In April 1884, Jacob Kehler married Elisabeth Schultz, and the couple took the unusual step of setting up a house on a vacant school lot, where there was no village, about a half a mile east of Hochfeld. Not long after establishing their home, a friend asked Jacob what the place they were living was called. Remembering that he had passed through the great city of Berlin, Germany, on his way to Canada, jokingly he replied it was called “Berlin”. This was the start of the nickname which was used so extensively that many in the Manitoba East Reserve did not even know that his name was Jacob.
In 1891, the growing family moved to a farm at Ebenfeld, where Jacob began to build barns and buy livestock. To supplement his income, he took outside jobs, including one at a nearby sawmill and another driving herds of cattle to Winnipeg. Jacob “Berliner” Kehler worked in a variety of capacities, especially after his sons were old enough to help out on the farm. Besides his work as a translator, he helped in organizing political meetings, and he also served as the Municipal Councilor from 1906 to 1907. He worked as the government weed inspector, as well as helping with vaccinating local children against smallpox. Jacob worked briefly as a teacher, and he served as a <em>Vorsänger</em> (singing leader) for some time in the Choritzer Church. In his spare time, he wrote narrative poems, describing his life’s experiences, such as receiving treatments for the cancer that eventually killed him. He published some of these writings in the Steinbach Post. Jacob’s cancer eventually spread, and he died on 11 June 1923 in Ebenfeld, Manitoba. The Steinbach Post reported that it was a very large funeral with a procession of some 80 cars and over 500 people paying their final respects to this very popular man.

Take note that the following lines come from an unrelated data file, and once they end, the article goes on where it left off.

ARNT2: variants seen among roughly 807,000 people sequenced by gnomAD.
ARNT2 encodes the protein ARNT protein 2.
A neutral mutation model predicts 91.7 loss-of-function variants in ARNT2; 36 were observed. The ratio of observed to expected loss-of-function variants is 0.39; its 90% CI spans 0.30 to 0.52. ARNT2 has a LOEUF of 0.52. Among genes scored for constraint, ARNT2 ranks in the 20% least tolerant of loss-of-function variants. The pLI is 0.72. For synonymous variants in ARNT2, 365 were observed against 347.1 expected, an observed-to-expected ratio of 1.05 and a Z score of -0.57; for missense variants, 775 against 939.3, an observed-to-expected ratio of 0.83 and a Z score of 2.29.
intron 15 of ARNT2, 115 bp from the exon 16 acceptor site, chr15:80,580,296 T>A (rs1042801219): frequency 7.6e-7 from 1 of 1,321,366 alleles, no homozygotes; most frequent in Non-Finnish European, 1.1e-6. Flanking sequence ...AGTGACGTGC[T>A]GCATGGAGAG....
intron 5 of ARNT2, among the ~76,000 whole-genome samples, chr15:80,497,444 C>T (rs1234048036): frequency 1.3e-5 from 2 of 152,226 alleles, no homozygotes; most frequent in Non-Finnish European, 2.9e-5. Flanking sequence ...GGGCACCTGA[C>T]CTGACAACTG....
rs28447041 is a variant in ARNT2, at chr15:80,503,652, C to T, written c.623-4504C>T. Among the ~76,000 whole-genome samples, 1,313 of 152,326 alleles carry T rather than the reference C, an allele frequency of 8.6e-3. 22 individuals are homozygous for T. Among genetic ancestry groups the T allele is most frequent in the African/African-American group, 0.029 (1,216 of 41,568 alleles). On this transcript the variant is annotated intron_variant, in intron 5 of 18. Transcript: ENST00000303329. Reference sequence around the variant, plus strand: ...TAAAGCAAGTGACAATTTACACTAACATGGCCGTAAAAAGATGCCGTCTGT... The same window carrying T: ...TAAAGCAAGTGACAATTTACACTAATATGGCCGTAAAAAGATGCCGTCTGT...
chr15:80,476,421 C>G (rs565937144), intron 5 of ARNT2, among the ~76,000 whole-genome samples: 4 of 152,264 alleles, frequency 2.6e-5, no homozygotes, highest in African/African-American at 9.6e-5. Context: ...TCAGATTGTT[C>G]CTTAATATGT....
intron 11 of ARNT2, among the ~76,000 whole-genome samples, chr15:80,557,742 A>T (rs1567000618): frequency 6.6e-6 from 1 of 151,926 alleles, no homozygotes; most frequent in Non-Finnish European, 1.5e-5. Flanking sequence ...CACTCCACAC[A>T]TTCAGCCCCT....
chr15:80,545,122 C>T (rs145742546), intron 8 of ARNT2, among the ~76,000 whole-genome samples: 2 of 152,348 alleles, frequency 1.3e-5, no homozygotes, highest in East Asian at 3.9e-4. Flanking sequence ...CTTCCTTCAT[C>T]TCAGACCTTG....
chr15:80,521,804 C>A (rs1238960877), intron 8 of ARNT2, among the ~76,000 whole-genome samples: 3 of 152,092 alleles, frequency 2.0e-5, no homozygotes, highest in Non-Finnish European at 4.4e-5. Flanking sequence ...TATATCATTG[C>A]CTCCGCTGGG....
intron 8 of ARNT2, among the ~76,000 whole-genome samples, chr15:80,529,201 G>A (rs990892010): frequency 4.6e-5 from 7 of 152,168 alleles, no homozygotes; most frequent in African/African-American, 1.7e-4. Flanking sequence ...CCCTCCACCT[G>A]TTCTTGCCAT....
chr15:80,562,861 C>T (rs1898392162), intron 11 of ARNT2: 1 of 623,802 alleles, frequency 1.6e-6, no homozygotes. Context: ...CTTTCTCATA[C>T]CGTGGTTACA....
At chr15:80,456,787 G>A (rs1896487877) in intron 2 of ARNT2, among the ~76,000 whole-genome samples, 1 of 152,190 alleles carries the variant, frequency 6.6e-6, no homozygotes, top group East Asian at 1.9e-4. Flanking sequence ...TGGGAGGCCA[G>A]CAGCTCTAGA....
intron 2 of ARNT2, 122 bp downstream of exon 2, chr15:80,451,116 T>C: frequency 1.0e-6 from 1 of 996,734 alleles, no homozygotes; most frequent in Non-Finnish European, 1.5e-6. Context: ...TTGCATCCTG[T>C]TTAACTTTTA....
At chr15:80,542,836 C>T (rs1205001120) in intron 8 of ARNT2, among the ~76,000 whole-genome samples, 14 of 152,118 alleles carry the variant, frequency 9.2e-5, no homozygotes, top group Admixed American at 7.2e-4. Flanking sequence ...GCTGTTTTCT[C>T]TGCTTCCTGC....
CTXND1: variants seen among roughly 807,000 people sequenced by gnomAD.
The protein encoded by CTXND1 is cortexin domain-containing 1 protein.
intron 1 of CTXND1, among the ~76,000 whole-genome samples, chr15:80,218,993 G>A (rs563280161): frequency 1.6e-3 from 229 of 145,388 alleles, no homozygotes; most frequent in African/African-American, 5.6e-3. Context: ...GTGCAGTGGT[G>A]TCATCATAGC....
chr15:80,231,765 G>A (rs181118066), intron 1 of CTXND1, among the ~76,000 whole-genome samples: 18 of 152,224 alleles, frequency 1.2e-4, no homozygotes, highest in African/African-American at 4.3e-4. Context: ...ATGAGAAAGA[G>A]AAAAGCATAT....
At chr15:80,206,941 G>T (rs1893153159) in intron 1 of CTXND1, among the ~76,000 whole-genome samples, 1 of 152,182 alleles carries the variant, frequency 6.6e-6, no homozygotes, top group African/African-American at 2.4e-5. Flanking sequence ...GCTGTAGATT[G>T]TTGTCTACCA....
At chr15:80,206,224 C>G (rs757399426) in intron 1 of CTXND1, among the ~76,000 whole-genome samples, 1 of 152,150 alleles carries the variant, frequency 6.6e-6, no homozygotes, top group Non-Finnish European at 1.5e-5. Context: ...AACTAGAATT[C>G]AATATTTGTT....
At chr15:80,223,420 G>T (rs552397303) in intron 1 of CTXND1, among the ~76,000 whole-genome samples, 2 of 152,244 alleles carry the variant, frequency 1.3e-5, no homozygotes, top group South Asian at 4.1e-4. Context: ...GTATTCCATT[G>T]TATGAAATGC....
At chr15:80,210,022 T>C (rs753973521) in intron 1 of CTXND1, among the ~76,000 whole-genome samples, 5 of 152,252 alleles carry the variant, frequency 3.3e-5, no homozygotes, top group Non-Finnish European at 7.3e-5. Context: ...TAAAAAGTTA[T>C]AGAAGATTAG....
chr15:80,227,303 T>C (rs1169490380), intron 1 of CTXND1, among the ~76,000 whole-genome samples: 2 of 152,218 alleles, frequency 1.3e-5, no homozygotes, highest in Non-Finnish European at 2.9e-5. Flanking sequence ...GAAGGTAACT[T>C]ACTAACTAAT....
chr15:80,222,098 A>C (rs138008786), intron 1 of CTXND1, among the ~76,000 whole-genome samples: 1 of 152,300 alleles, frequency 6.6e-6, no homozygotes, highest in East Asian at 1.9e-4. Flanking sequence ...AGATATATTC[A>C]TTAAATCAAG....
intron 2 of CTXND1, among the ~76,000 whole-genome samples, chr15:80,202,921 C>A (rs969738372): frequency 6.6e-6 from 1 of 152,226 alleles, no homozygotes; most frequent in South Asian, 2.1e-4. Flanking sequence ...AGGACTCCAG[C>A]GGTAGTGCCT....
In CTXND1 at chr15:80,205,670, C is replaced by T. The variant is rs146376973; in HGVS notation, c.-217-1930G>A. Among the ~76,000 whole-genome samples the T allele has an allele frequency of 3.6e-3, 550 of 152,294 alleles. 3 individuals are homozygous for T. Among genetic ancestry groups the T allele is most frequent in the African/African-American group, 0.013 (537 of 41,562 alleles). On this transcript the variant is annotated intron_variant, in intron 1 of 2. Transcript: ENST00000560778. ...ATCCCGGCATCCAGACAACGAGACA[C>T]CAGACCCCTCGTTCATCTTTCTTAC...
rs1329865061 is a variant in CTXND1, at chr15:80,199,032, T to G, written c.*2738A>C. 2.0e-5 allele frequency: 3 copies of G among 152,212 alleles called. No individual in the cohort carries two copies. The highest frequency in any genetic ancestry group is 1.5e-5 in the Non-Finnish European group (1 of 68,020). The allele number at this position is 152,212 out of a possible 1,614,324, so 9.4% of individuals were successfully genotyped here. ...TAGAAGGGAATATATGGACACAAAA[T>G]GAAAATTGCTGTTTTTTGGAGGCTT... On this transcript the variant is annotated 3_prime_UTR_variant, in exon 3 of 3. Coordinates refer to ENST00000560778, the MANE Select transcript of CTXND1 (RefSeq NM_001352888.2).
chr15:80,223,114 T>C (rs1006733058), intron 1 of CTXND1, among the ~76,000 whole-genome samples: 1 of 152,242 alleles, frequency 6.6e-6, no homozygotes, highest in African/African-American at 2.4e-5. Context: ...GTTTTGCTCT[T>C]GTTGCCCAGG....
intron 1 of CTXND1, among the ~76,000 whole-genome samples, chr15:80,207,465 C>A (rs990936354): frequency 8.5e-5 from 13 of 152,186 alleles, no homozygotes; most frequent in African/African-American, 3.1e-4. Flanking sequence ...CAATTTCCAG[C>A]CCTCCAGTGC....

When his wife, Elisabeth, was about to die in 1943, she asked to be buried next to her husband, in the Hochfeld cemetery. She died on 5 February 1943. A severe snowstorm covered the Hochfeld cemetery at the time of her death. After considerable searching, the gravediggers were able to find Jacob Kehler’s grave and that is where they buried her, only to discover in the spring that she had accidentally been buried next to another Jacob Kehler. Grandson, professor Al Reimer, writes “if his gravestone had identified him as ‘Berliner’ Kehler, the mistake would probably not have happened…”
GRANDMA (The Genealogical Registry and Database of Mennonite Ancestry) Database, 5.03 ed. Fresno, CA: California Mennonite Historical Society, 2007: #185923.
Reimer, Al. “Jacob ‘Berliner’ Kehler (1863-1923), Ebenfeld.” Preservings No. 14 (June 1999): 110-114.
Cite This Article
Huebert, Susan. "Kehler, Jacob (1863-1923)." Global Anabaptist Mennonite Encyclopedia Online. 2007. Web. 7 Dec 2016. http://gameo.org/index.php?title=Kehler,_Jacob_(1863-1923)&oldid=82732.
Huebert, Susan. (2007). Kehler, Jacob (1863-1923). Global Anabaptist Mennonite Encyclopedia Online. Retrieved 7 December 2016, from http://gameo.org/index.php?title=Kehler,_Jacob_(1863-1923)&oldid=82732.
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